And then within that context, Jon, to your credit and to your team’s credit, Procter’s done a remarkable job here in terms of improving market share to put the company in a position to take price behind a leading brand portfolio in these circumstances. So I think the question is, what is giving you pause here in terms of broader pricing beyond just the categories where you’re seemingly following Kimberly’s pricing announcement? So why just these categories and why just the US?

And then I’m sorry for being a little bit verbose here, but just on the commodity outlook, I think, to the extent if you can quantify, I know you don’t want to give guidance, but some further degree of quantification beyond just June, beyond just your fiscal year, I think, would be helpful for folks. So thank you for all that.

Jon R. Moeller — Vice Chairman and Chief Operating Officer

Thank you, Kevin. Pricing is a topic that we are limited in the perspective that we can actually provide relative to specific brands and country and plans that relate to specific brands and countries. I wouldn’t — I would suggest that we not take that reality and conclude necessarily that the only categories we’re taking pricing in are the ones that have been mentioned and the only country that we’re taking pricing is the one that has been mentioned. This will be a holistic effort with productivity in mind, with innovation in mind.

Our business model positions us on a relative basis well to deal with these situations for two reasons. One, I’ve just mentioned, which is, productivity is part of the culture, part of our DNA. We don’t have to start a program. Our program for next year is well underway. The second and even more importantly, is an innovation-based business model, which positions us with opportunities to take pricing in a way that’s actually value accretive to consumers. And you can imagine that if you have those opportunities and they are spread out across the year, your pricing might be announced at different timing and might take effect at different times throughout the year.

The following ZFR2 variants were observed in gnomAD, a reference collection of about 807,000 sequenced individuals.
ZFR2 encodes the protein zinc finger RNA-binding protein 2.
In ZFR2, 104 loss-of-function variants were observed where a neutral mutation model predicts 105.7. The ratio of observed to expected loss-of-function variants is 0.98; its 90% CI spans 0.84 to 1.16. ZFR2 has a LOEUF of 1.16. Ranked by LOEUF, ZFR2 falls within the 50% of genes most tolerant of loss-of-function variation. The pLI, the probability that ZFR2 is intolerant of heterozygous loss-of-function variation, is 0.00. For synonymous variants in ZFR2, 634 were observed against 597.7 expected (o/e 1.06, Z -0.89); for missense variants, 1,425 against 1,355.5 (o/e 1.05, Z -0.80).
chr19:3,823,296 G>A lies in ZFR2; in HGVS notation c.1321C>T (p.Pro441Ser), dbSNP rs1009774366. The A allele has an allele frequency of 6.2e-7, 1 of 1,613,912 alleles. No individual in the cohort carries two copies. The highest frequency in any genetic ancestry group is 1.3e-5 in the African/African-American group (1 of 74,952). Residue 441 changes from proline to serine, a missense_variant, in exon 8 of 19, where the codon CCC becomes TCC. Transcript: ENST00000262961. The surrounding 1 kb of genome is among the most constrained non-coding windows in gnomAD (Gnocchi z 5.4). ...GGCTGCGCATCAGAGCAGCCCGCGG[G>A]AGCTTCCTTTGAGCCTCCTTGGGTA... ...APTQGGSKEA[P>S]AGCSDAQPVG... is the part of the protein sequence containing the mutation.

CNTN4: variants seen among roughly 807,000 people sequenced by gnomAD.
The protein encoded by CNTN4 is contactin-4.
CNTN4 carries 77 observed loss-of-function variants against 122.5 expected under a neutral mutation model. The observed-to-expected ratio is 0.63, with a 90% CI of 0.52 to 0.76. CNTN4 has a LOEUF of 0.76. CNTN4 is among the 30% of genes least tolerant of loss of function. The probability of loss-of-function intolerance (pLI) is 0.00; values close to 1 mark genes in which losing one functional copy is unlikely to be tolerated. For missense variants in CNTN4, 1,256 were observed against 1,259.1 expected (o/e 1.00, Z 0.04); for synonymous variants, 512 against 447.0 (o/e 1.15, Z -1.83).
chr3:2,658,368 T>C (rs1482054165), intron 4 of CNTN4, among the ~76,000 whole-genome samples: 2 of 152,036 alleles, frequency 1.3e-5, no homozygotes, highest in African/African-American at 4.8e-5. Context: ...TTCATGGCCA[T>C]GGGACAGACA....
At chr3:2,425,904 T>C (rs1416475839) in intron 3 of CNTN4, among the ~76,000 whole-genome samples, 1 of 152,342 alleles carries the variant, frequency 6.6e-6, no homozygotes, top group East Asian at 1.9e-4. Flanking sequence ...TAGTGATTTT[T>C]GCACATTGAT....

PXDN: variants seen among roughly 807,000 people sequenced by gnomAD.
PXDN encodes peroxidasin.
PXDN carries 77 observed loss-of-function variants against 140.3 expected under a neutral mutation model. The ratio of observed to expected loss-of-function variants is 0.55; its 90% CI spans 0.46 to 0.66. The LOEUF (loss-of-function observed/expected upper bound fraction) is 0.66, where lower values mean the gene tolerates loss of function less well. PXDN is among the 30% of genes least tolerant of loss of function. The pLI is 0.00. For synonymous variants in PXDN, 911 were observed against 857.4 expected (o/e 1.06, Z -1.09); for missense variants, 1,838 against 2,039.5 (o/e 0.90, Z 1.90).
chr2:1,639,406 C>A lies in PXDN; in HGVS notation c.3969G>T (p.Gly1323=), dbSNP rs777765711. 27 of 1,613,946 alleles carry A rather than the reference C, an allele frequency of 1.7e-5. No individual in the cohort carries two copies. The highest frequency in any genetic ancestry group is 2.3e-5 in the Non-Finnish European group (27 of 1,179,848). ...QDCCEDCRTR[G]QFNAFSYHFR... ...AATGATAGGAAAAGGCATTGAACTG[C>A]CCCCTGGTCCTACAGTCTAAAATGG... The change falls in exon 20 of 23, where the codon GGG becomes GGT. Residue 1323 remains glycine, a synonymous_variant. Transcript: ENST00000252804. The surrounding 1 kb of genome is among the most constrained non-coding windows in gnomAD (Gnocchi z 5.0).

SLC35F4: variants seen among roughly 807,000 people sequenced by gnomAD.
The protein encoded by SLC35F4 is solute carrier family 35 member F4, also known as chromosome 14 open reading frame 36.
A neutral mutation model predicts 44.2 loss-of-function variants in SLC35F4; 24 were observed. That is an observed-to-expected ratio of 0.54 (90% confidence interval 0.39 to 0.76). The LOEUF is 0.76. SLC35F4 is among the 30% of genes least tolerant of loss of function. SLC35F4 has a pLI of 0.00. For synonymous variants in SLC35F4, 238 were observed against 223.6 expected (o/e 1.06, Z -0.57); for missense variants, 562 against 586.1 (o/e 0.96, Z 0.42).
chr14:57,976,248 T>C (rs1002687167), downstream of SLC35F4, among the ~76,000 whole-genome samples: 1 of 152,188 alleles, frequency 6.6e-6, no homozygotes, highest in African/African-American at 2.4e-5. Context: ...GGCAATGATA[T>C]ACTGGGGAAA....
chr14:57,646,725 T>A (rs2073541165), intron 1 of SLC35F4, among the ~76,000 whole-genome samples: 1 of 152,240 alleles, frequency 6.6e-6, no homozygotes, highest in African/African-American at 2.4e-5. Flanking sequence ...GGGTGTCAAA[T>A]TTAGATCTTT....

I would offer you one data point or two data points. Pricing has been and it speaks to the business model point, pricing has been a positive contributor to our top-line — sorry, a neutral or positive contributor, but mostly positive to our top-line for 42 out of the last 46 quarters, and 15 out of the last 16-years. That doesn’t guarantee anything going forward, but it points to the — again the nature of our business model, which provides no guarantees, but does put us in a relatively better position with ways to help the top-line and the bottom-line as we work to manage those and continue to create value.

Relative to the question on impact of commodities for next year, as I said earlier, we are really early in the process of putting next year together, couple that with a very volatile, both commodity and FX environment. And I’d rather help you with specifics that are meaningful closer to the beginning of the year.

Operator